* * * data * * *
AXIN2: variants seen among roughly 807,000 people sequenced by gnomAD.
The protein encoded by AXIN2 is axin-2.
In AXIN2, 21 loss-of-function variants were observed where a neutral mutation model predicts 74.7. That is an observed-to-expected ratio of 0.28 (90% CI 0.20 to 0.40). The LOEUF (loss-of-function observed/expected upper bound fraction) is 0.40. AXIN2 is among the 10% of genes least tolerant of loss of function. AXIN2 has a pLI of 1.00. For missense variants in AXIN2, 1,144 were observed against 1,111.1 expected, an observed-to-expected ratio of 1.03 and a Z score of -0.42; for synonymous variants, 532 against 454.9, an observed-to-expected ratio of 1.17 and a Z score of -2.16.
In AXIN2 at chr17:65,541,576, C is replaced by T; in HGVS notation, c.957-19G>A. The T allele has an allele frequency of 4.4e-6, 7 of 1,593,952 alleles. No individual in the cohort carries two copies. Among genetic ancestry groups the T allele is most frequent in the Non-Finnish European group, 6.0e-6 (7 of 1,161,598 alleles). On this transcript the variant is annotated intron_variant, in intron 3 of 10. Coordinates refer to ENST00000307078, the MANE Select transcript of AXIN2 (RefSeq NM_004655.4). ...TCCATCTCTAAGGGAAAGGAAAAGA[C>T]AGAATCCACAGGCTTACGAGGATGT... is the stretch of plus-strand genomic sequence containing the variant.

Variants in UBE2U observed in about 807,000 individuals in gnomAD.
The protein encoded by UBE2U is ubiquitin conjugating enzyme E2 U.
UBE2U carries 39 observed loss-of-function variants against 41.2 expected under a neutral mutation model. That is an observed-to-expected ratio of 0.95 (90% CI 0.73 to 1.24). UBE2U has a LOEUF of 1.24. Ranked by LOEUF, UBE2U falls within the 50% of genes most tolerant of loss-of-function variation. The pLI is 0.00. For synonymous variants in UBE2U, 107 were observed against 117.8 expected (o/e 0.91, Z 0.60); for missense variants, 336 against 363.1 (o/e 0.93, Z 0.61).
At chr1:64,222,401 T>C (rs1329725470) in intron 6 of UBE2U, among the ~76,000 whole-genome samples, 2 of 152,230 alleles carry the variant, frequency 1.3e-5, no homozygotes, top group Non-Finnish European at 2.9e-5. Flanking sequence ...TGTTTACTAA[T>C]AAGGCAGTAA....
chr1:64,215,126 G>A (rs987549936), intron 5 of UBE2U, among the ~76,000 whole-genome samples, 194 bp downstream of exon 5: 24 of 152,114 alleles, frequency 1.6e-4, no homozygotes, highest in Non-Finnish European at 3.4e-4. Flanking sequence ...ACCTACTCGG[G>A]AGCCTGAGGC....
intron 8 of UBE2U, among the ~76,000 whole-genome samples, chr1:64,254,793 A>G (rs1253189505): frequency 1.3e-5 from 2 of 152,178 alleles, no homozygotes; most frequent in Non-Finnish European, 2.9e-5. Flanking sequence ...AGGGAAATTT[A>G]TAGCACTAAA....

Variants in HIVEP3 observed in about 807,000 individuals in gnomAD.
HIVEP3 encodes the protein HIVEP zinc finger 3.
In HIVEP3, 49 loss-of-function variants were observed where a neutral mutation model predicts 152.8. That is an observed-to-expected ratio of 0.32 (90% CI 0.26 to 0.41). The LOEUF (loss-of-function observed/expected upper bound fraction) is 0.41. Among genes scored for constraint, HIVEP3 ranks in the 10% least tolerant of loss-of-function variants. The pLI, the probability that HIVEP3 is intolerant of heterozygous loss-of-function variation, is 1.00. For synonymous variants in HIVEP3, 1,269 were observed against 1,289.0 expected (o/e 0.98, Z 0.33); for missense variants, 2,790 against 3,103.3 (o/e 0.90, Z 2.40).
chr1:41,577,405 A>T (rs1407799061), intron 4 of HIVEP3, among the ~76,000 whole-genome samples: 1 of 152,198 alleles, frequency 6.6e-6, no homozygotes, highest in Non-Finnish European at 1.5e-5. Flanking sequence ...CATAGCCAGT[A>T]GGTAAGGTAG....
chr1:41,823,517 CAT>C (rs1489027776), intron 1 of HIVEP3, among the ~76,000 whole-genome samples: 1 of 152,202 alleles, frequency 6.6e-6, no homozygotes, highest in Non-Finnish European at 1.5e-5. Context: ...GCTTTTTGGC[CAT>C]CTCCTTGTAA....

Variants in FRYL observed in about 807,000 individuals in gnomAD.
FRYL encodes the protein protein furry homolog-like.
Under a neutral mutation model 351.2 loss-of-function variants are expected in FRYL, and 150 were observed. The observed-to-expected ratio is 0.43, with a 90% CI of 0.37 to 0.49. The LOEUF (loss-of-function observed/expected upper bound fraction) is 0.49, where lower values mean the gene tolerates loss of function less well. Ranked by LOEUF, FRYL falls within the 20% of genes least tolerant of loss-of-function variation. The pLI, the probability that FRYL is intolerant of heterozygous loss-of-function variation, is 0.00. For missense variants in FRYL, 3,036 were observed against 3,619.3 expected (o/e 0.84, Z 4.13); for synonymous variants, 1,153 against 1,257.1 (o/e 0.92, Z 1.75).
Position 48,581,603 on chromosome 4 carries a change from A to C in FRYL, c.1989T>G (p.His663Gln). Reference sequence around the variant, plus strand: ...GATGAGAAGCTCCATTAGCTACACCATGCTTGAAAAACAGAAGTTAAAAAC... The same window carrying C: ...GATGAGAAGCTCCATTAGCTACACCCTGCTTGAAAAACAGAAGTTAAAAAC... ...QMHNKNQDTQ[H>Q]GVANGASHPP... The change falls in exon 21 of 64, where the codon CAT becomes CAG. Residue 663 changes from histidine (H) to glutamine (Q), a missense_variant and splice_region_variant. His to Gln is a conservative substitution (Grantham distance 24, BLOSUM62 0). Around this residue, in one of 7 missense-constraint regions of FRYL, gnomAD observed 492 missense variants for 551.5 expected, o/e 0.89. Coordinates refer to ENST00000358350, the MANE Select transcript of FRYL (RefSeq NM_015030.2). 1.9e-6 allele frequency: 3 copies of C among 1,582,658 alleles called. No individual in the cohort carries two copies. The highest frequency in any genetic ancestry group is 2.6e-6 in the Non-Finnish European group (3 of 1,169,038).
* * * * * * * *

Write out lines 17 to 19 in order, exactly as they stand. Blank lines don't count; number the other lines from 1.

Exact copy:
FRYL encodes the protein protein furry homolog-like.
Under a neutral mutation model 351.2 loss-of-function variants are expected in FRYL, and 150 were observed. The observed-to-expected ratio is 0.43, with a 90% CI of 0.37 to 0.49. The LOEUF (loss-of-function observed/expected upper bound fraction) is 0.49, where lower values mean the gene tolerates loss of function less well. Ranked by LOEUF, FRYL falls within the 20% of genes least tolerant of loss-of-function variation. The pLI, the probability that FRYL is intolerant of heterozygous loss-of-function variation, is 0.00. For missense variants in FRYL, 3,036 were observed against 3,619.3 expected (o/e 0.84, Z 4.13); for synonymous variants, 1,153 against 1,257.1 (o/e 0.92, Z 1.75).
Position 48,581,603 on chromosome 4 carries a change from A to C in FRYL, c.1989T>G (p.His663Gln). Reference sequence around the variant, plus strand: ...GATGAGAAGCTCCATTAGCTACACCATGCTTGAAAAACAGAAGTTAAAAAC... The same window carrying C: ...GATGAGAAGCTCCATTAGCTACACCCTGCTTGAAAAACAGAAGTTAAAAAC... ...QMHNKNQDTQ[H>Q]GVANGASHPP... The change falls in exon 21 of 64, where the codon CAT becomes CAG. Residue 663 changes from histidine (H) to glutamine (Q), a missense_variant and splice_region_variant. His to Gln is a conservative substitution (Grantham distance 24, BLOSUM62 0). Around this residue, in one of 7 missense-constraint regions of FRYL, gnomAD observed 492 missense variants for 551.5 expected, o/e 0.89. Coordinates refer to ENST00000358350, the MANE Select transcript of FRYL (RefSeq NM_015030.2). 1.9e-6 allele frequency: 3 copies of C among 1,582,658 alleles called. No individual in the cohort carries two copies. The highest frequency in any genetic ancestry group is 2.6e-6 in the Non-Finnish European group (3 of 1,169,038).